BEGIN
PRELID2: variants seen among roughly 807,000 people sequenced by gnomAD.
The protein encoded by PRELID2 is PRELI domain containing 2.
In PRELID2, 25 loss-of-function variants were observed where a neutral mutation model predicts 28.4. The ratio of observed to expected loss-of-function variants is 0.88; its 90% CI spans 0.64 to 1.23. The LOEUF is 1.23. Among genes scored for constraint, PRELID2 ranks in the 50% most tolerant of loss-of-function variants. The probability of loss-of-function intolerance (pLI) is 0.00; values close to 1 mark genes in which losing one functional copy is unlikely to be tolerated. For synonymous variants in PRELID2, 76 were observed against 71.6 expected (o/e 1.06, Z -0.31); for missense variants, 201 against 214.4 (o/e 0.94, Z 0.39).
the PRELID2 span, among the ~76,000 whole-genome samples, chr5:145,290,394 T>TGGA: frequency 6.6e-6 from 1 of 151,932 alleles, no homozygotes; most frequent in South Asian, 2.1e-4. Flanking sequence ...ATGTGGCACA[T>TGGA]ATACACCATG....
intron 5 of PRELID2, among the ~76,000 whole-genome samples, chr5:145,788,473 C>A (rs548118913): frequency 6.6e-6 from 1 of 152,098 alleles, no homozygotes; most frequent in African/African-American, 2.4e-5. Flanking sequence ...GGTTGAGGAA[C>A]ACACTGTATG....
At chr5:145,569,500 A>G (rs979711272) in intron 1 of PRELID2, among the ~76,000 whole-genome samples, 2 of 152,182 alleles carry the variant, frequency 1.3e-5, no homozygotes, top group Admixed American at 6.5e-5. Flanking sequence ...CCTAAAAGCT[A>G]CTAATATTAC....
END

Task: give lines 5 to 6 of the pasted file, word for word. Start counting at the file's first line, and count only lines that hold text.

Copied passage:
intron 5 of PRELID2, among the ~76,000 whole-genome samples, chr5:145,788,473 C>A (rs548118913): frequency 6.6e-6 from 1 of 152,098 alleles, no homozygotes; most frequent in African/African-American, 2.4e-5. Flanking sequence ...GGTTGAGGAA[C>A]ACACTGTATG....
At chr5:145,569,500 A>G (rs979711272) in intron 1 of PRELID2, among the ~76,000 whole-genome samples, 2 of 152,182 alleles carry the variant, frequency 1.3e-5, no homozygotes, top group Admixed American at 6.5e-5. Flanking sequence ...CCTAAAAGCT[A>G]CTAATATTAC....